Problem 3 - Inconsistent audit of key results.
Different teams will have different key results. It’s by definition that it is that way. But I think it is very feasible to have the same standard on auditing key results before it’s officially decided for one member. The problem I see was one guy who had one of his key results as “Reduce severe customer complaints”, the problem I have with that was, 1) It’s more of an objective rather than a key result. 2) The ‘severe’ part wasn’t objectively defined. I don’t think it was a good KR, but it wasn’t my place to say. That KR went through all the way, I asked his manager afterwards about the definition of ‘severe’ custom complaints, the guy doesn’t have an objective answer for me, all I got was a very vague response, iirc was “If I think it’s causing too much problem then it’s severe.”. Maybe he did have a concrete definition that he didn’t want to share with an outsider like me. Maybe he doesn’t have such thing. By not giving me an objective answer, I could only assume.
You might think, why does it matter to me ? What purpose does this doubting sequence of challenging another team lead serve me ? Well, I think it serves me a fair review at the end of the year. If the KRs by different teams are being audited at a different standard, how can we justify that we’re using the this system to give out the same promotions proportionally to the KR achievements ? How can I get a fair evaluation when other people can have vague KRs while I setup mine so that they’re objective enough to review easily ? Isn’t that the way its supposed to be ? These are how ideal key results should look like for me:
- “Analyze and optimize response time of 20 endpoints currently above 500ms to less than 250ms. Time should be measure at 50th percentile.”
- “Introduce connection pool layer in front of the DB so that there’s no more connection spikes.”
I can give you more examples, but this should be sufficient enough to tell you how I think KRs should be defined. It is very apparent that the KRs should be defined objectively well since it’ll make the reviewing process easier for all parties involved. It’s kind of absurd to think that manager of that other team just approved KRs like that, while me, without a manager1, enforced myself that I should write the KRs this way so that my review isn’t screwed up.
The solution to this is fairly straightforward, just do some training beforehand and people will be better off than just randomly googling how-tos on OKR and defining without a principle. Just need to make sure that at the very least the KRs are on the same standard.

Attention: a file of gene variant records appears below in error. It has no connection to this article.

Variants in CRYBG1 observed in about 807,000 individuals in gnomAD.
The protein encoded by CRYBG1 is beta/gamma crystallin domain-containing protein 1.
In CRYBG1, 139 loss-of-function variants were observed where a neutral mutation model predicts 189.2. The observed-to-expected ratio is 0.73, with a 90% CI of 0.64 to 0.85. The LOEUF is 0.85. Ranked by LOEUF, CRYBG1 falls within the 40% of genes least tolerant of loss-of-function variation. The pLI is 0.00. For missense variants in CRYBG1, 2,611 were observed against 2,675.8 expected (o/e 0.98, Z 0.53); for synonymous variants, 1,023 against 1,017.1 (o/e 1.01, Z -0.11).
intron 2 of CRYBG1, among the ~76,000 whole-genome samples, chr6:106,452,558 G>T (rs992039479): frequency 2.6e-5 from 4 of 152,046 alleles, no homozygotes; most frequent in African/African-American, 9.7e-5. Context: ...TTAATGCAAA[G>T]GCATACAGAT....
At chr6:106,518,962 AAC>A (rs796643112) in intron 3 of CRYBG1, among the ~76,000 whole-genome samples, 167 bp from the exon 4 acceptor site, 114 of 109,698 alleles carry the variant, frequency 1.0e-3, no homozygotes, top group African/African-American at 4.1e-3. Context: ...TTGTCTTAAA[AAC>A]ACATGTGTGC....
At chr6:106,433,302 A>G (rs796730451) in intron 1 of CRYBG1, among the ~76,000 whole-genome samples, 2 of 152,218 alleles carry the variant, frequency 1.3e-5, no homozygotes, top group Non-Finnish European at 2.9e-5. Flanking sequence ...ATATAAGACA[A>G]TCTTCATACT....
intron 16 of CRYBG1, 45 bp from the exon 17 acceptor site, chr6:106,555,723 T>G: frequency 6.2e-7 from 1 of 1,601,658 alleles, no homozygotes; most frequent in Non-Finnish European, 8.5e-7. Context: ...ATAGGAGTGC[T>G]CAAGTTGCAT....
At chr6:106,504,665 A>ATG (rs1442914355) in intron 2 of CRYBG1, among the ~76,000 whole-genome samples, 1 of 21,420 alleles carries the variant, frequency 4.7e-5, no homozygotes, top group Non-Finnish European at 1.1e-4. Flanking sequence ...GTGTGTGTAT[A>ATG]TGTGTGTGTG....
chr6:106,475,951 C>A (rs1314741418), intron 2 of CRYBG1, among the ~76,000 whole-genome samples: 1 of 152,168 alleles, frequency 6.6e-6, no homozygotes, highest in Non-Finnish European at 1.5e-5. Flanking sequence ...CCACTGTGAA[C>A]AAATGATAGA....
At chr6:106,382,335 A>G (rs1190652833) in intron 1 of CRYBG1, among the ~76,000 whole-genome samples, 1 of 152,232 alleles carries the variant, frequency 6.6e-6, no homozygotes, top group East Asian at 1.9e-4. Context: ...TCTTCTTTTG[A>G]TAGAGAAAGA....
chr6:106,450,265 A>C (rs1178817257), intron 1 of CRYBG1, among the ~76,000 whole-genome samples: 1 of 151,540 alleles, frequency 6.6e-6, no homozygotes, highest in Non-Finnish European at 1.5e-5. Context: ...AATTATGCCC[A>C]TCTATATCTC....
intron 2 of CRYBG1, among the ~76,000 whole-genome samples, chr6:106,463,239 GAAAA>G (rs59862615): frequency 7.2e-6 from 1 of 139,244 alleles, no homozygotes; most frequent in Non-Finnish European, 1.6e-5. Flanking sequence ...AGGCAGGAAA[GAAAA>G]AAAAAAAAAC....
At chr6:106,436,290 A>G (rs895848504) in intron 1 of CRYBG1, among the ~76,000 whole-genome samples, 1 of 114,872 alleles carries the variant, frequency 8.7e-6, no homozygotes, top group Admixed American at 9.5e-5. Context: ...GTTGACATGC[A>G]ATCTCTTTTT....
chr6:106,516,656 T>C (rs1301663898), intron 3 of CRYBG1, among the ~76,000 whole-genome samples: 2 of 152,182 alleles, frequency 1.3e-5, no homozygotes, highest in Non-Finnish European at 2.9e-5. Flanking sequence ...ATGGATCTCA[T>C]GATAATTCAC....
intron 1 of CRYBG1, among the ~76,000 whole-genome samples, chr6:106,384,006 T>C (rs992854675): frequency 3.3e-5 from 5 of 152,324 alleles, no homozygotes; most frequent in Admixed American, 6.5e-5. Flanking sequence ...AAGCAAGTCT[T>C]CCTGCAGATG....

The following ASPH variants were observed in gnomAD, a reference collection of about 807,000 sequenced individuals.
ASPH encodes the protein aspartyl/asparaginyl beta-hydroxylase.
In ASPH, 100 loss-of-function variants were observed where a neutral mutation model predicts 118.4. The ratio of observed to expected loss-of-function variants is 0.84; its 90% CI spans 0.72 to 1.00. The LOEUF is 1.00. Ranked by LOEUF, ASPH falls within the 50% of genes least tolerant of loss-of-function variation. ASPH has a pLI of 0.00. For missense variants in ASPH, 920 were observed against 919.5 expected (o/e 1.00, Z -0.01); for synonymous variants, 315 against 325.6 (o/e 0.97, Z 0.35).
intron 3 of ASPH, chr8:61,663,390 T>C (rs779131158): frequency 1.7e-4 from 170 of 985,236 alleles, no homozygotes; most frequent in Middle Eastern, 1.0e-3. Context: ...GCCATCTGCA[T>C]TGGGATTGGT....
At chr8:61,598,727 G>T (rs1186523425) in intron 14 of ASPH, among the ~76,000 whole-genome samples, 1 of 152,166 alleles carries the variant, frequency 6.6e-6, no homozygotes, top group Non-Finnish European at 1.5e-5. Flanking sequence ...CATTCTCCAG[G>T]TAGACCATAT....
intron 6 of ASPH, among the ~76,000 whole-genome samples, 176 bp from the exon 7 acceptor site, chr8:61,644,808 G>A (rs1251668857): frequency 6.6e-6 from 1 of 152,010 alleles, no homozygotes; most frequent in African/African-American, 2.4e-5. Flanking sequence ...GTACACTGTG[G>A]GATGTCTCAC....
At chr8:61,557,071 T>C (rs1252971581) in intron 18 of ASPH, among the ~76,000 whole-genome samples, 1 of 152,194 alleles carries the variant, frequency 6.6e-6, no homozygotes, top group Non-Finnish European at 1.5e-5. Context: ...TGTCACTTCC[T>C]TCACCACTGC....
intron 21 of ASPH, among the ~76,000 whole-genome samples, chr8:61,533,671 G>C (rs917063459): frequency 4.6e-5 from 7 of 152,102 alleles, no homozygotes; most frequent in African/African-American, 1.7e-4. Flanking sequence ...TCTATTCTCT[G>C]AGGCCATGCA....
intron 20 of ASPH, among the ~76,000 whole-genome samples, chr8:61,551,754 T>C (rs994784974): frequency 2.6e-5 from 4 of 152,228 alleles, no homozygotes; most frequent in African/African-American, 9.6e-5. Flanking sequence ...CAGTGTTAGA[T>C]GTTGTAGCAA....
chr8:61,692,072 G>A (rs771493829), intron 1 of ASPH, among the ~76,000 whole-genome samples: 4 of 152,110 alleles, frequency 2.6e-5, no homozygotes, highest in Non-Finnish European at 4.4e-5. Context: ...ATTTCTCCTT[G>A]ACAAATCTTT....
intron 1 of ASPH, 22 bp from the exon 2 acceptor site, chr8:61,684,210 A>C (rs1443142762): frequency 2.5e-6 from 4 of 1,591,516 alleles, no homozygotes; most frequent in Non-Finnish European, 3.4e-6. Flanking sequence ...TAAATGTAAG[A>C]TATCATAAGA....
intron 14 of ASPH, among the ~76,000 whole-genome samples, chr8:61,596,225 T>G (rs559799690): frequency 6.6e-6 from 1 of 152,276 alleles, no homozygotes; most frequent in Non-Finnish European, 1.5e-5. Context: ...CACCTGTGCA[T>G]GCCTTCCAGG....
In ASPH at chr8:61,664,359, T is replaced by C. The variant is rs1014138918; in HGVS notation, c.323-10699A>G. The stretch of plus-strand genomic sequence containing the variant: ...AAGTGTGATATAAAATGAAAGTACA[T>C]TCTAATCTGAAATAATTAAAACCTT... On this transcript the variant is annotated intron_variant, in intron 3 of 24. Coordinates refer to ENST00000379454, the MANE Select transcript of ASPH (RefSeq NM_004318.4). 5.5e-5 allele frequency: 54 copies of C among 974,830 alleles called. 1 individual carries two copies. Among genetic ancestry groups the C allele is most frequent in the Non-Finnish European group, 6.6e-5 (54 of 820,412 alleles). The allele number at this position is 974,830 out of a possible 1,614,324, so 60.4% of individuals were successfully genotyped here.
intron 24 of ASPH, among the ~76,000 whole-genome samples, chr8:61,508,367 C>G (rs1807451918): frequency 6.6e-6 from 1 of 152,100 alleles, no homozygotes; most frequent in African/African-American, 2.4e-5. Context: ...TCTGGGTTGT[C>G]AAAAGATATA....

Problem 4 - Missing clear rewards/penalties.
At the very beginning of OKR adoption for us, we were only told that this will contribute to your yearly review. Rewards/penalties weren’t made clear to us and nobody asked. I guess people were just googling what is OKR first and didn’t thought that much, myself included. There was zero incentive for achieving your KRs on time or to define them well. I think in order to make people realize how OKR can really help their work get seen is to ensure proper incentives when an individual is doing it right. But I guess that was hard at the moment since nobody tried OKR before and therefore wouldn’t know how to properly incentivize the thing.
One potential solution for that was to go baby steps first. Instead of trying to run the whole thing yearly at the first try, do it by weeks or months or quarters. And after people seemed matured enough to define the Os and the KRs well, and the whole system seems to work, then move on to longer objectives such as 6 months or 1 year. Of course, figuring out the right amount of incentives during the trial runs is something that you must do as well.
I don’t think OKRs are hard to work with, it does give you an objective look at things, which I think is very crucial to any business. But it did have problems that prevented it from being useful the last time I tried it. I hope these problem won’t get in the way this time if we decided to do OKRs for everyone inside the company.
- Due to how my company was structured, my reviews were conducted by the CEO directly. It wasn’t too bad for me since the guy used to work as a frontend engineering lead. Couldn’t say the same about other teams tho.[Back]